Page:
“I don’t have any cash on me” may no longer be a valid excuse with the arrival of credit-card readers that can be used with mobile phones.
In a potential boon to street vendors, mom-and-pop shops and those who just want to lend a few bucks to a friend, several companies have rolled out ways to use cellphones to process credit-card payments instantly.
Square, a brainchild of Twitter Inc. creator Jack Dorsey, enables anyone to accept credit cards using a tiny white attachment and software that can be downloaded to a smart phone.
“The future has arrived,” tweeted Mayer Hawthorne, a singer and songwriter who used Square to sell his CDs and merchandise while on the road.
The plastic card reader plugs into the headphone jack on an iPhone or Android-based phone and interfaces with the phone’s software, then the transaction is processed through Square’s secure servers. Apps for the Palm Pre and BlackBerry are said to be in the pipeline.
After swiping the card through the reader, the buyer signs for the transaction by using finger strokes on the touch screen, then can type in an e-mail address where a digital receipt will be sent. Square charges a fee of 15 cents and 2.75% of the transaction amount to the person processing the credit card. That would amount to 42.5 cents for a $10 purchase.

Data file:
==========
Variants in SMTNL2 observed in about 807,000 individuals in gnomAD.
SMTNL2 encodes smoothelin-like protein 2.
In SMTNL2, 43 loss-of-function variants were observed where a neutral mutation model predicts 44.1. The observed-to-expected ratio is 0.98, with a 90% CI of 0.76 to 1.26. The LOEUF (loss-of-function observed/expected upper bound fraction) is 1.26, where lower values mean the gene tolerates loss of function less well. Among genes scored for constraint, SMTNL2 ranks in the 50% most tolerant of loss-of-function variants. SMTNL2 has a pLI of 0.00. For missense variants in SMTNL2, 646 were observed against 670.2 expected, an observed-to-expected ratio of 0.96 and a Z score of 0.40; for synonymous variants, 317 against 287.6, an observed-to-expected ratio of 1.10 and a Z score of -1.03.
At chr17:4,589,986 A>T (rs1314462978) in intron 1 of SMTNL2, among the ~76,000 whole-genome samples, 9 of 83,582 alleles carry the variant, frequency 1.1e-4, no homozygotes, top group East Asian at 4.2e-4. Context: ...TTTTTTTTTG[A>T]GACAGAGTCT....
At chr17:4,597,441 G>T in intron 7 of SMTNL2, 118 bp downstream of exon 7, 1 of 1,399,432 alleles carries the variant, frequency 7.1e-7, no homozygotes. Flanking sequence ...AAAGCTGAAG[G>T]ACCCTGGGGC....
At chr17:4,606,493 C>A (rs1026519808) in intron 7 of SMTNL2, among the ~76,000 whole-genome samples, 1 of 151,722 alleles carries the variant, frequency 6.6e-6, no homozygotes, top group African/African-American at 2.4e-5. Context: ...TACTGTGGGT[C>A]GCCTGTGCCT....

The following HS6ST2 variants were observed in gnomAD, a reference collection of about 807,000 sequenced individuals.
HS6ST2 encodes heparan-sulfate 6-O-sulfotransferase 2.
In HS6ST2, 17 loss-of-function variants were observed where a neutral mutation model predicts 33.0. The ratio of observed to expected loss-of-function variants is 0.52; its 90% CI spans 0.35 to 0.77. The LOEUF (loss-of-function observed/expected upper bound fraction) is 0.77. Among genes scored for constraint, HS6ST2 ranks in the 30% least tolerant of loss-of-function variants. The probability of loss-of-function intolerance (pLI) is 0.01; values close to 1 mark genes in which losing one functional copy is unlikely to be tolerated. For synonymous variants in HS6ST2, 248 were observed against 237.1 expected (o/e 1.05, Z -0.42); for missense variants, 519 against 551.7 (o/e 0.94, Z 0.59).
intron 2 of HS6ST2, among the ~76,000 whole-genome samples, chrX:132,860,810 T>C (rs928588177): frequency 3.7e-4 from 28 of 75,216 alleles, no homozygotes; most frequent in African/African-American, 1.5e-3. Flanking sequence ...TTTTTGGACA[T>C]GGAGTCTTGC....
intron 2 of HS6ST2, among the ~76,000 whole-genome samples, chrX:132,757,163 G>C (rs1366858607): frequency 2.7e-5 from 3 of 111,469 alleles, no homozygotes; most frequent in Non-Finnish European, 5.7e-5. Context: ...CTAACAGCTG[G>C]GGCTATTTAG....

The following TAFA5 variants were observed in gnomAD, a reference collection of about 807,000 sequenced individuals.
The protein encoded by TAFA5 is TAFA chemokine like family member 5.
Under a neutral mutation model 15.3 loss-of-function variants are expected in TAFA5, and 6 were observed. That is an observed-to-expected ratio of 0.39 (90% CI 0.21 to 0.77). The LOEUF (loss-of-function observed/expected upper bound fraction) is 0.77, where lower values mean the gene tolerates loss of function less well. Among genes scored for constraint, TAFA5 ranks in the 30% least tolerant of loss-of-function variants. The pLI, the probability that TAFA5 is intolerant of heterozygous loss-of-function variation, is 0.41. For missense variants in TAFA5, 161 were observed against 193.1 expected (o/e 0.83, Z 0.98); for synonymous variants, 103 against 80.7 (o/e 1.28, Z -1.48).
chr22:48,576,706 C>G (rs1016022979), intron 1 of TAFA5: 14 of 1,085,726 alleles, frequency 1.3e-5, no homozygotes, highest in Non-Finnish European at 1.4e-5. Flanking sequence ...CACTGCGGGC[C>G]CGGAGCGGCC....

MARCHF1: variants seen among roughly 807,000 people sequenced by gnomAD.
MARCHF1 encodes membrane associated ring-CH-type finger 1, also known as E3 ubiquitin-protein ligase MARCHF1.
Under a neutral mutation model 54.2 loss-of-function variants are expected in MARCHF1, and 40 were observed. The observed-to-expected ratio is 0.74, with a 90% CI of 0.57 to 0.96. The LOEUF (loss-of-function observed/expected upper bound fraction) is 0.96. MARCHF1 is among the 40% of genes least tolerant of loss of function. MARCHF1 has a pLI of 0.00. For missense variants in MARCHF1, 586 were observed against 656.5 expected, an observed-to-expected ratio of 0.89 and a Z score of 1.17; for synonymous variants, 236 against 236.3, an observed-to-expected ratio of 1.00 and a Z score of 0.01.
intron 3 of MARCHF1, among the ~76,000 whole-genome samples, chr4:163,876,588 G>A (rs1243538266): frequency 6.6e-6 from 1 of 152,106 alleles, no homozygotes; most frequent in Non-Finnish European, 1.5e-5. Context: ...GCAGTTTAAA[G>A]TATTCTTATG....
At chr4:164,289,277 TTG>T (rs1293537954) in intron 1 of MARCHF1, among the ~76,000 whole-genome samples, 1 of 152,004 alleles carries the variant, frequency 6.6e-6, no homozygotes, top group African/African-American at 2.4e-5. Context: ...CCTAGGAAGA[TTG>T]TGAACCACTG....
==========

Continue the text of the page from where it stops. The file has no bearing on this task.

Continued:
“People are tickled by signing their names with their fingers,” said Sue Moore, co-founder of Let’s Be Frank, a hot-dog vendor that sets up shop on Glendale Boulevard in Silver Lake every Thursday. The business recently began accepting credit cards for the first time using Square, and Moore said it’s simple to use.
In much the way he launched Twitter, the social-networking site that has grown to more than 100-million users, Dorsey is giving away the Square device. Anyone can sign up for an account at SquareUp.com, and the company will send the device in the mail.
A version of Square for the iPad is also available. It enables store owners to input and track inventory and handle cash transactions, replacing pricey point-of-sale cash registers and terminals.
Those features eventually will make their way into the Square’s cellphone software, Dorsey said.